Author Audrey Vernick was kind enough to answer a few questions about She Loved Baseball, the story of Effa Manley. The first woman inducted into the Baseball Hall of Fame
1 How many baseball books did you read for research purposes?
I wrote this book so long ago I don't even remember! And I'd be hard pressed to distinguish which ones were really for research and which ones were just about baseball and kind of irresistible
Also, I relied more upon newspaper accounts and recorded interviews than books for this particular project. Though James Overmyer's QUEEN OF THE NEGRO LEAGUES was also a vital research resource.
2 One fact about Effa Manley or the game of baseball that you wished you were able to fit in the book?
There were so many! There was a great scene in which Effa Manley really gave it to Branch Rickey for raiding Negro League teams without any compensation. There were more Newark Eagles players in earlier versions--like Willie Wells, first player to wear a batting helmet (though his was more of a construction helmet). And the fact that Effa made such a lasting impression on her players; Larry Doby asked Effa and her husband, Abe, to be his child's godparents.
3 Picture book authors run the risk of be paired with an illustrator, whose style doesn't enchance the text. Thankfully that didn't happen to She Loved Baseball. Don Tate's illustrations are great and fit the text perfectly. When did you know you'd be paired with Tate?
Over a year after the manuscript was acquired! It took a long time to find the right person, and there were lots of people with lots of opinions involved in the decision-making process. But boy, how lucky was I? I can't imagine this text paired with any other art; Don Tate did a perfect job.
4 What is it about baseball fans and baseball books? ( I am not judging. I also get baseball book fever. Looking forward to reading The Baseball by Zack Hample)
I think that link makes sense. Baseball's a pretty cerebral sport, and watching baseball allows one's brain to roam a bit, time for thinking, considering.
5. Who is your favorite team? Any predictions for this season?
My team is the New York Yankees, despite the fact that I grew up in Queens, not far from the shadow of Shea Stadium. Predictions for this season? Mine is a house divided down the middle. My husband and daughter root for the Phillies. I have to admit, on paper, anyway, that their pitching rotation is nothing short of stunning. (Well, the first four. Sorry, Joe.) I don't know what to expect from my Yankees this year. A lot depends on A.J. Burnett which is a kind of chilling thought.
Audrey, thank you so much for your time. She Loved Baseball is such a wonderful book, I'll forgive for being a Yankees fan. Huffingtonpost on She Loved Baseball
Vernick first introduces us to a young Effa Brooks in first grade. Effa loved playing baseball with her brothers but wasn't allowed because she was a girl and was lighter in skin tone. In 1932 after finishing high school Effa moves from Philadelphia to New York City.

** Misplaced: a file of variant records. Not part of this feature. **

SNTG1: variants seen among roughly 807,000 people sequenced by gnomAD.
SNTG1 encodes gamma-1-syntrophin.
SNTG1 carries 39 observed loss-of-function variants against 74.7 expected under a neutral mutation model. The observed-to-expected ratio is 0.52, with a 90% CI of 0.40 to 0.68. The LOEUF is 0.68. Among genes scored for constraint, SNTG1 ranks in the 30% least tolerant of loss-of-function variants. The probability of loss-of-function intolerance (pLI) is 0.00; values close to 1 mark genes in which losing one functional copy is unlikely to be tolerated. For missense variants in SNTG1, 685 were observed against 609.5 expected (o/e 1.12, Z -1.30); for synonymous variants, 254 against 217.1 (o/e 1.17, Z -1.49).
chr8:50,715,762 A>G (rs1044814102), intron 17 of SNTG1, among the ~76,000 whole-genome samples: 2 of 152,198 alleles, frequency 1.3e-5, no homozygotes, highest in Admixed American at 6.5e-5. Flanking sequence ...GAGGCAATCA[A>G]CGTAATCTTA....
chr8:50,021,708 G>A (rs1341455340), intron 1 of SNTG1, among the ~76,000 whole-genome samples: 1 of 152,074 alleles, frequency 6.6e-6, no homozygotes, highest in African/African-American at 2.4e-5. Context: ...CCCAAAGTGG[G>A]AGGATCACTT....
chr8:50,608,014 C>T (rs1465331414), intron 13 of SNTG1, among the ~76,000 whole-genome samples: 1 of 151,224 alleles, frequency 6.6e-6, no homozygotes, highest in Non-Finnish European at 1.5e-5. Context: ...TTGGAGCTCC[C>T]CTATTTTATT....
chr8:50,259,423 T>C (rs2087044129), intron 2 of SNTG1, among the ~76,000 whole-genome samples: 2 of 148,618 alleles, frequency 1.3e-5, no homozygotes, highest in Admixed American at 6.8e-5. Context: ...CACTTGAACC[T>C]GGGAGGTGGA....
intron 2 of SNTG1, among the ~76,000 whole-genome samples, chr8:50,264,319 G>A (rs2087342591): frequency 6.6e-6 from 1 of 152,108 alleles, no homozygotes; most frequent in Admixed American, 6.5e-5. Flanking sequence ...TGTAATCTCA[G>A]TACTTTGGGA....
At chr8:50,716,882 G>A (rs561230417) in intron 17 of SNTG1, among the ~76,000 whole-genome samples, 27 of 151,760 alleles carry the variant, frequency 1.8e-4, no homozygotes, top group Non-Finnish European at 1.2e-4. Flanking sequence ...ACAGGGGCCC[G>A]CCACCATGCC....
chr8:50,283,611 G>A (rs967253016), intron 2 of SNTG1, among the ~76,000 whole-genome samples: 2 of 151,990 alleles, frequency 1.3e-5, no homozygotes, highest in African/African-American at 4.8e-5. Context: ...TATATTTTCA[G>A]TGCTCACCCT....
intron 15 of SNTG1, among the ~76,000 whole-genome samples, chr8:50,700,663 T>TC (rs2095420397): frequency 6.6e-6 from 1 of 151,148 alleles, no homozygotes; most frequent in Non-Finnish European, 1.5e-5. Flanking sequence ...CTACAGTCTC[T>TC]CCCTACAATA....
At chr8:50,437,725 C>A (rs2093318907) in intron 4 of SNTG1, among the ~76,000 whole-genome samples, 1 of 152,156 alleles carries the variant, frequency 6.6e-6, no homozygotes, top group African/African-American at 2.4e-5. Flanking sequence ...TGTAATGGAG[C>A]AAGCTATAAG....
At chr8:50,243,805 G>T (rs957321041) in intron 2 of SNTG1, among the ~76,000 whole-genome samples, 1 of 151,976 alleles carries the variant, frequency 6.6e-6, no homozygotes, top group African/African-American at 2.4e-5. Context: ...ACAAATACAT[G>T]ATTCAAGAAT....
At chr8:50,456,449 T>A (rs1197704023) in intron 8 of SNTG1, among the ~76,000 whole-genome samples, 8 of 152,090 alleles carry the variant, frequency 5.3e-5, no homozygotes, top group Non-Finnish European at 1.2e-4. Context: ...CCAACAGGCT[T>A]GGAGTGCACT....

Upset by the unfair treatment of Blacks. Effa gets involved to make a difference. White store owners were refusing to hire Black workers.
"She organized the Citizens League for Fair Play, a group of community leaders. They urged Harlem's largest department store to hire black salesclerks. The owner said no. Nobody believed a group of Black people could change a White bussinessman's mind, but the league fought anyway. For weeks they marched in the street. They convinced their neighbors to shop elsewhere. The store lost money. But still no Black salesclerks. The league kept marching. Finally they won. Newspapers reported the boycotts success."
In 1935 Effa marries Abe Manley. The couple started the Brooklyn Eagles, in the newly formed Negro National League. Effa played a vital roll in the teams sucess, even after they moved to New Jersey in 1936. She always fought for the rights of her players. In 1970, decades after the end of the Negro Leagues, Effa Manley started a letter writing campaign to get some Baseball Hall of Fame to induct some of the best Negro League players.
When I finished this biography, (which I loved, in case that's not obvious) my first thought was why, am I just know hearing about Effa Manley. As much as I love baseball and its history, Effa Manley is someone who I should know. And now I do.
This was a serious trifecta for me. 1. A woman who loved baseball. 2. a woman who refused to be stop because of her gender or race 3. It bridges the gap between the Negro Leagues and Majors.
Two of the players on the Eagles last team were Monte Irvin and Larry Doby. * Vernick also seamlessly includes 1946 Negro League world series between, the Newwark Eagles and the Kansas City Monarchs. Vernick makes the reader feel the excitement of that last game in the series.
Don Tate's colors and style have a very open feel , making them a perfect fit for this story. Tate paid close attention to details from the clothes to the model of the bus the team used. Towards the end there's a close up of Effa Manley that's simply beautiful.
When I read that in 2006 Effa Manley was the first woman ever to be inducted into the Baseball Hall of Fame, I got a little choked up. Thanks to Vernick and Tate, they did such a great job telling Effa Manley's stories. This is a must read for baseball fans of all ages.